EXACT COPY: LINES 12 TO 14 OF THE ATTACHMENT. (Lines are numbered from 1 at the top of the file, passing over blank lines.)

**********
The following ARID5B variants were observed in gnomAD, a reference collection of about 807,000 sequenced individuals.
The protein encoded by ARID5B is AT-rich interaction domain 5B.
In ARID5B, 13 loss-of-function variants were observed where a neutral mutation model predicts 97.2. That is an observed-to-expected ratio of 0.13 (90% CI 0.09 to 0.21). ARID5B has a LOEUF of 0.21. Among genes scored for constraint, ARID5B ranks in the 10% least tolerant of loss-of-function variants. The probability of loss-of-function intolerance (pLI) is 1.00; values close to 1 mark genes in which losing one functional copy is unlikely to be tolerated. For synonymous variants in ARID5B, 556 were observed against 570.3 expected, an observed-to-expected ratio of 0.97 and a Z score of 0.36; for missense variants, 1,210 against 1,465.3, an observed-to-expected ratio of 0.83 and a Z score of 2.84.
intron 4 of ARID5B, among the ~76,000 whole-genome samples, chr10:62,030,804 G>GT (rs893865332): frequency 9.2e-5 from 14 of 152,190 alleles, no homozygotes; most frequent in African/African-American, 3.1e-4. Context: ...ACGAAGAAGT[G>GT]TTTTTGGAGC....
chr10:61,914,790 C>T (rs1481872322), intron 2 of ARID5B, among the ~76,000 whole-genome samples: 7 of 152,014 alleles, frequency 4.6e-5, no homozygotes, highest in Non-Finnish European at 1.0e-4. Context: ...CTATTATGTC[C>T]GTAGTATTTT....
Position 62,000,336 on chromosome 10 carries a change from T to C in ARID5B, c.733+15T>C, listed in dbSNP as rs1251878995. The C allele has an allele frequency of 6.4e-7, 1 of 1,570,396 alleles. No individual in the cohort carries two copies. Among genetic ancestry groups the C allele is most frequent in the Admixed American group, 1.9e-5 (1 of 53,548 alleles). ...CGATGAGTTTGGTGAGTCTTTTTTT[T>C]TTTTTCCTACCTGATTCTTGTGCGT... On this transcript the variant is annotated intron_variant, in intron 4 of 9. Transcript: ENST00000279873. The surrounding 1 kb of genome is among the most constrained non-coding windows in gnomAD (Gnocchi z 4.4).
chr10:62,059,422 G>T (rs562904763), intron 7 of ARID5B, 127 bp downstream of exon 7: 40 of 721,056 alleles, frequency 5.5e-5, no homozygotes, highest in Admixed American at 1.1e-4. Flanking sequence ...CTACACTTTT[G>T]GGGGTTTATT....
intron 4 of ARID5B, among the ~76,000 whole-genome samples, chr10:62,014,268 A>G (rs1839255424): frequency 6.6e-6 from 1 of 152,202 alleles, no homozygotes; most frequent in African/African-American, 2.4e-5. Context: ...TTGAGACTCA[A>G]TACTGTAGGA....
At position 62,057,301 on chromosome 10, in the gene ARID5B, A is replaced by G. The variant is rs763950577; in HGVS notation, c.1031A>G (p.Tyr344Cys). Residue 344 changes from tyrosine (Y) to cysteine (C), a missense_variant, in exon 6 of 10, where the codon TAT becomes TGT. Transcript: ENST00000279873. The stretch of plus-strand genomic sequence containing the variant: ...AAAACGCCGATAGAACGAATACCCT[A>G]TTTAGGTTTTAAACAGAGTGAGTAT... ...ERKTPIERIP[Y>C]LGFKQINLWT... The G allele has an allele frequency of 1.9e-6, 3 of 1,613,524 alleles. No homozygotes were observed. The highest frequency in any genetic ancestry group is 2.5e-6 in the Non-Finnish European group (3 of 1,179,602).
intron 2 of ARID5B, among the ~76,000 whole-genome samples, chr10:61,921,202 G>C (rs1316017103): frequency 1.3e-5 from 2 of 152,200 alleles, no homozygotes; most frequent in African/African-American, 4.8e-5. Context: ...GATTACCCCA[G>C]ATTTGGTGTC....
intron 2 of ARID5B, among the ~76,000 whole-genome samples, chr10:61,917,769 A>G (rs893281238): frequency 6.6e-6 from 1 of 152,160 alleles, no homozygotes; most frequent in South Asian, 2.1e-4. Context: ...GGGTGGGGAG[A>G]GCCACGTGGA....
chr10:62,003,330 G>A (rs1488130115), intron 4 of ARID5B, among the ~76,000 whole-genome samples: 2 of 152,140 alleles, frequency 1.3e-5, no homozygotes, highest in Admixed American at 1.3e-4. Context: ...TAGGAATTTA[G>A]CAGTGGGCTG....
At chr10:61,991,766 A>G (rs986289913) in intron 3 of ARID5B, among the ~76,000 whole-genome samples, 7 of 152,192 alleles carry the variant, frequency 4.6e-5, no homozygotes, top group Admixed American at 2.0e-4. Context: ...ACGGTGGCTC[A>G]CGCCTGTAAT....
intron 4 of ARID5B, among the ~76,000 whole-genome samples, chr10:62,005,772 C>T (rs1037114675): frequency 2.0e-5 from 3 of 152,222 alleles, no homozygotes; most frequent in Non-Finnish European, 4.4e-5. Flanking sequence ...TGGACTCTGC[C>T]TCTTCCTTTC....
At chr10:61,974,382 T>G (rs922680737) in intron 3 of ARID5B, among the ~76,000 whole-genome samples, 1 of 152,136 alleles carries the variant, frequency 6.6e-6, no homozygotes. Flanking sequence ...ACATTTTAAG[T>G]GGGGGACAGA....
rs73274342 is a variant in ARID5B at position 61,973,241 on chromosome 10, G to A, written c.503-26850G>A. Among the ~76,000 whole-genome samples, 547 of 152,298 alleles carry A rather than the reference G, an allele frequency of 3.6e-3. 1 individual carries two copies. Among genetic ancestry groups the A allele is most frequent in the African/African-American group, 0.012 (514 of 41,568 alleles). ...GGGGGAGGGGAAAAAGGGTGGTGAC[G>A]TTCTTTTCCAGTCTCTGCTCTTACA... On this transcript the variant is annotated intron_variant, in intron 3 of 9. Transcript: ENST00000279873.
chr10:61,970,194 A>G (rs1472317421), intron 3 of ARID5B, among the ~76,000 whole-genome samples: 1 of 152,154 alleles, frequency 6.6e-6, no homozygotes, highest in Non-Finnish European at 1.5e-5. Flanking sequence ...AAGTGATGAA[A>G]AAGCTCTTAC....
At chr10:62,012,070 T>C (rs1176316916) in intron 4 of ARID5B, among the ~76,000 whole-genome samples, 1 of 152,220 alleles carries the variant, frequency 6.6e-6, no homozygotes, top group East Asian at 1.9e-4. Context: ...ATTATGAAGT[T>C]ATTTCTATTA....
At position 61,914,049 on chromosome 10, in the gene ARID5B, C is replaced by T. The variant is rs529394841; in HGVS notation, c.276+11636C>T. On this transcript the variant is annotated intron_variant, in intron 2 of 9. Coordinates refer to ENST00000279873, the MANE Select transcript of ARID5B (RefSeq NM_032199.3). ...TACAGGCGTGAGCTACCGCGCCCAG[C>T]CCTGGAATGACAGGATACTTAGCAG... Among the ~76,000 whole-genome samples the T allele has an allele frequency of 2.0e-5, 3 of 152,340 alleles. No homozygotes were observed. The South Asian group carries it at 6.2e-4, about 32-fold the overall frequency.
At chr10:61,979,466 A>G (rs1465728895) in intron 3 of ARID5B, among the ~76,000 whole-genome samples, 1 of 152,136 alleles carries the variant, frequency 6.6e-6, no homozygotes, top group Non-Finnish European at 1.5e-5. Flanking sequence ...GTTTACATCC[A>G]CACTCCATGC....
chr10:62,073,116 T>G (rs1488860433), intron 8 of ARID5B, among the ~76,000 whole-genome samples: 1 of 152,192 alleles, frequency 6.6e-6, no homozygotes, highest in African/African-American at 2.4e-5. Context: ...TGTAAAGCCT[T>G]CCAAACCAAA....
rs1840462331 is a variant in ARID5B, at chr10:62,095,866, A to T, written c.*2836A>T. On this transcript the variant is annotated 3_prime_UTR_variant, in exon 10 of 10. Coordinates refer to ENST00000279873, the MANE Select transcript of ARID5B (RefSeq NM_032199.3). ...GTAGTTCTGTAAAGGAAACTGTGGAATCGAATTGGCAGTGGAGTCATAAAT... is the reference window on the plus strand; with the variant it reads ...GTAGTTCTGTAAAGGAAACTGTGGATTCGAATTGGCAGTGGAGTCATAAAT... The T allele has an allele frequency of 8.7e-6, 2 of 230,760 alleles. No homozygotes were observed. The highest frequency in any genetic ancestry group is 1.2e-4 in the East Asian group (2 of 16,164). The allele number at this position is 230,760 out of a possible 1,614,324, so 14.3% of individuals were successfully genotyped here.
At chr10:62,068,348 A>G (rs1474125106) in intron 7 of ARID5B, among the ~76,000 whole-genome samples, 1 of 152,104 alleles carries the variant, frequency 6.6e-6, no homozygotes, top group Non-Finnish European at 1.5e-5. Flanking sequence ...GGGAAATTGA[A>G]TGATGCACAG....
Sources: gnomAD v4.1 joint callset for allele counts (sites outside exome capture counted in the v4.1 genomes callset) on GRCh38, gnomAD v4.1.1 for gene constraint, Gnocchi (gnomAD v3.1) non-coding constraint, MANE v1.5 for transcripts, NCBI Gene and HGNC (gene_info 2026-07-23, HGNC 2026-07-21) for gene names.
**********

chr10:62,003,330 G>A (rs1488130115), intron 4 of ARID5B, among the ~76,000 whole-genome samples: 2 of 152,140 alleles, frequency 1.3e-5, no homozygotes, highest in Admixed American at 1.3e-4. Context: ...TAGGAATTTA[G>A]CAGTGGGCTG....
At chr10:61,991,766 A>G (rs986289913) in intron 3 of ARID5B, among the ~76,000 whole-genome samples, 7 of 152,192 alleles carry the variant, frequency 4.6e-5, no homozygotes, top group Admixed American at 2.0e-4. Context: ...ACGGTGGCTC[A>G]CGCCTGTAAT....
intron 4 of ARID5B, among the ~76,000 whole-genome samples, chr10:62,005,772 C>T (rs1037114675): frequency 2.0e-5 from 3 of 152,222 alleles, no homozygotes; most frequent in Non-Finnish European, 4.4e-5. Flanking sequence ...TGGACTCTGC[C>T]TCTTCCTTTC....